Cybersecurity – Ransomware 101 - read the full article about Cyber security 101, Cybersecurity and Network security and pen testing from Hitachi Systems Security Marketing on Qualified.One
(upbeat music) - Ransomware is a type of malicious software that is designed to hold your files or your computer hostage and demands a payment to regain access.
Ransomware has been very common because it has been very profitable to criminals.
Like most malicious software, ransomware starts by infecting your computer, most often when you open an infected email attachment or by clicking on a malicious link.
Once ransomware infects your computer, it encrypts files on your hard drive, possibly even your entire hard drive, or anything else connected to your computer, so you can no longer access them.
Once the encryption is complete, it informs you that the only way you can recover is to pay the cybercriminal a ransom, thus the name implies.
In some cases, the criminals will threaten to release your files publicly if you dont pay the ransom in a timely manner.
The accepted payment method is usually in the form of an untraceable digital currency, such as Bitcoin, and even if you pay the ransom, there is no guarantee, as sometimes they will take the money and leave your computer infected.
You can protect your computer against a ransomware infection the same way you protect it against any other forms of malicious software.
I will list some of the important measures for you to consider.
Number one, keep your system and software up-to-date.
Cyber criminals often infect computers or devices by taking advantage of unfixed bugs, known as vulnerabilities, in your software.
The more current your software, the fewer known vulnerabilities it has, and the harder it is for cyber criminals to infect them.
Therefore, make sure your operating system, applications and devices are updated and patched on a regular basis.
Number two, install an endpoint protection solution on your system.
Cyber criminals are constantly innovating, developing new and more sophisticated infection tactics that can evade detection.
In turn, anti-virus vendors are also constantly updating their products with new capabilities to detect malware.
In many ways, it has become an arms race, with both sides attempting to outwit the other.
By design, traditional antivirus software can only detect previously known ransomware.
Look into a next-generation anti-virus product or into an endpoint detection and response solution, commonly known as EDR.
Number three, back up your files.
Its impractical to assume that youll always be able to prevent an infection, your best defense against ransomware is backups.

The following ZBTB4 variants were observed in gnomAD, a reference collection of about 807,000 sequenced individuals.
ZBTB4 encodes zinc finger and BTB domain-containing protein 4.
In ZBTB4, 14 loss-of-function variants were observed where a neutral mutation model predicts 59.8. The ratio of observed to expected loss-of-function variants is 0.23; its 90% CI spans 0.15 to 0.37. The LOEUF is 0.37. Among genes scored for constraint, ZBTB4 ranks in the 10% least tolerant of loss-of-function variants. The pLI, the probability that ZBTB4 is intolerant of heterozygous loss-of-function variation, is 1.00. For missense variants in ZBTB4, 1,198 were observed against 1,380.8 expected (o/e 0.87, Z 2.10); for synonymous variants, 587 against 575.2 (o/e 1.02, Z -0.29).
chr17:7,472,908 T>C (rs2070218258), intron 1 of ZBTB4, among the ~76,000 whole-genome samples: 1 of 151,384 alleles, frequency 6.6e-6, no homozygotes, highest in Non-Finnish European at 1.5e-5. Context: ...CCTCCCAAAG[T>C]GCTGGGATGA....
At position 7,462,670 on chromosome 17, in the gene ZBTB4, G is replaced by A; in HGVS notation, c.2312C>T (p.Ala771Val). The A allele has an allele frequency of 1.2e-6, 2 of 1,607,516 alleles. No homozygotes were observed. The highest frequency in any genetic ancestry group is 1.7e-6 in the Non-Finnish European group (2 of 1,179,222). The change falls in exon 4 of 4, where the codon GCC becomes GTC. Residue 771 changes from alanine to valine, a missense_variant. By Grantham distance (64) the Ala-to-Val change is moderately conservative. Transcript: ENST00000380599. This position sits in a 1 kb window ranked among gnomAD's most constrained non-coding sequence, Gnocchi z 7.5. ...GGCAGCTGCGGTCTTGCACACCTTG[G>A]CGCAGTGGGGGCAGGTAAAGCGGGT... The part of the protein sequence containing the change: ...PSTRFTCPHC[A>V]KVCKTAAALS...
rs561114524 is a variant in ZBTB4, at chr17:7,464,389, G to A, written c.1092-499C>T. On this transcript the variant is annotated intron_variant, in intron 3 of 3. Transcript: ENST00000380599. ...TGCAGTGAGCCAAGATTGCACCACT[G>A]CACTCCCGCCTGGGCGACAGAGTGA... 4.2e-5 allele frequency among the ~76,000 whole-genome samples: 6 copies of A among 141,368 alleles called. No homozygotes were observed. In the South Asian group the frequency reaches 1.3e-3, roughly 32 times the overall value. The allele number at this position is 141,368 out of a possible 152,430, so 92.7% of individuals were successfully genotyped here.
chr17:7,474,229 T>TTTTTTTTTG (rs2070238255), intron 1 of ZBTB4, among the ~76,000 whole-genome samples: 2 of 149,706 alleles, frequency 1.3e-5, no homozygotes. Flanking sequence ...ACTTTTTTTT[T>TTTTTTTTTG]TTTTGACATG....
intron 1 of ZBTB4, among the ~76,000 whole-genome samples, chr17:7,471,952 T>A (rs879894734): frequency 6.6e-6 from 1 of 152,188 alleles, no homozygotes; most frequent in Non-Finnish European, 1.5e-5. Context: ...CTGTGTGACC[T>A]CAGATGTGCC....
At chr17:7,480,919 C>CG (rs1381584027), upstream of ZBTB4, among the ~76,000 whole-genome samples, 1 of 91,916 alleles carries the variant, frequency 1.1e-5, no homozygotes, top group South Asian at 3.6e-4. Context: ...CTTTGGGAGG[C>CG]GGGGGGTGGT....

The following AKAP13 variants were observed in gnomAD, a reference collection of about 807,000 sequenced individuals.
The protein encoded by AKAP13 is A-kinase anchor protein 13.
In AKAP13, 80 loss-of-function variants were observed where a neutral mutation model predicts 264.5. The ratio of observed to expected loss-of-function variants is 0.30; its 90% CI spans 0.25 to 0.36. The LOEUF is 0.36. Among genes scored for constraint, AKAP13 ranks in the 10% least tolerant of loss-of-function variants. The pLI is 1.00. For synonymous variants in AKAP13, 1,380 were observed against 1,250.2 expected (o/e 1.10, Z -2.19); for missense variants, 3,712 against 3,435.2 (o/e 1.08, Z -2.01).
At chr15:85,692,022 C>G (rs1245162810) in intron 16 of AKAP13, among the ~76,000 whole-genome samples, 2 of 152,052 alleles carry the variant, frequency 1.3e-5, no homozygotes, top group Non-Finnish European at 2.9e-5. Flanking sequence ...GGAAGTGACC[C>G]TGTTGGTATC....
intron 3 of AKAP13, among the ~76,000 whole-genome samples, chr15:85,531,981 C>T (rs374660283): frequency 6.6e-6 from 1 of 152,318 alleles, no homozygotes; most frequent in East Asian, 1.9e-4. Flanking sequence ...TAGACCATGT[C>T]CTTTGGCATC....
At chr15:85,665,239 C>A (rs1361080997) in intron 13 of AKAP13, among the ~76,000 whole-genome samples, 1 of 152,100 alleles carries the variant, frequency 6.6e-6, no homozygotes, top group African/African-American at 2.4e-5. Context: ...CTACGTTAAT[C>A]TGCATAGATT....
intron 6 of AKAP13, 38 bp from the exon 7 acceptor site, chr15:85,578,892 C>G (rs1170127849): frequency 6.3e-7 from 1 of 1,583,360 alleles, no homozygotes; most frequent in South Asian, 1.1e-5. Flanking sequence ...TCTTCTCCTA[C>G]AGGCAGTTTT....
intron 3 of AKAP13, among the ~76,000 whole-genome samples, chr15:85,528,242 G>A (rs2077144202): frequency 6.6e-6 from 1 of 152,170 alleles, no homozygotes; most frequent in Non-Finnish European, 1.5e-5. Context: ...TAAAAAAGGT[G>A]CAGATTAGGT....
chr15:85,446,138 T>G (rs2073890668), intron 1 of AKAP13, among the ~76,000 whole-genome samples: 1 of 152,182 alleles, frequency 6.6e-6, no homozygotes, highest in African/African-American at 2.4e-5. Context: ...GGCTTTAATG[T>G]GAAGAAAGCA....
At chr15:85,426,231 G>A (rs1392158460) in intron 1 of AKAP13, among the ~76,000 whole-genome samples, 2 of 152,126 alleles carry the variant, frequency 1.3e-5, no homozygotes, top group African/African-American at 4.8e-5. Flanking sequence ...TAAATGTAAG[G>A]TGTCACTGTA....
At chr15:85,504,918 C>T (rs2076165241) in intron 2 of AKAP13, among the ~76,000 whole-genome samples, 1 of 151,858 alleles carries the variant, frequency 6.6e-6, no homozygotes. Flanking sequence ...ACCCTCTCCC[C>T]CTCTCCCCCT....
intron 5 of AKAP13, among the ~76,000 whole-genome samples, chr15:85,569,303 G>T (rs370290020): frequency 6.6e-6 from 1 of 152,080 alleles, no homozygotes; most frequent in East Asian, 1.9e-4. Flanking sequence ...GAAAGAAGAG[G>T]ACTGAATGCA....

If you have a backup of your important documents and other files, you have the option of recovering from backup instead of paying the ransom.
Its important that you use some type of automated backup strategy to regularly back up all your files and critical systems, and test your restoration procedures to make sure you can recover them if the need arise.
Number five, be vigilant.
Cyber criminals often trick people into installing ransomware and other forms of malicious software through phishing email attacks.
For example, a cybercriminal might send you an email that looks very legitimate which might contain a malicious attachment or a link.
Perhaps the email might first appear to come from your bank, friend or colleague at work.
However, if you open the attachment or click the link, you could activate malicious code that might end-up infecting your computer.
Keep in mind, if a message creates a strong sense of urgency or seems too good to be true, do not rule out the fact that it could be an attacker.
Cyber attackers tend to play on your emotions, common sense is often your best defense.
Most stand-alone cyber insurance policies nowadays include extortion coverage for costs associated to investigate a ransomware attack, negotiations with hackers, and making ransom payments.
However, an assumption that most organization make is that insurance policies cannot always be relied upon, as there is no guarantee that insurers will underwrite the full cost of an incident to cover the losses.
For example, the City of New Orleans, they got infected with ransomware, and it was estimated to anywhere 7 million plus in losses, where they were only able to recover 3 million through their insurance.
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Hitachi Systems Security Marketing: Cybersecurity – Ransomware 101 - Cybersecurity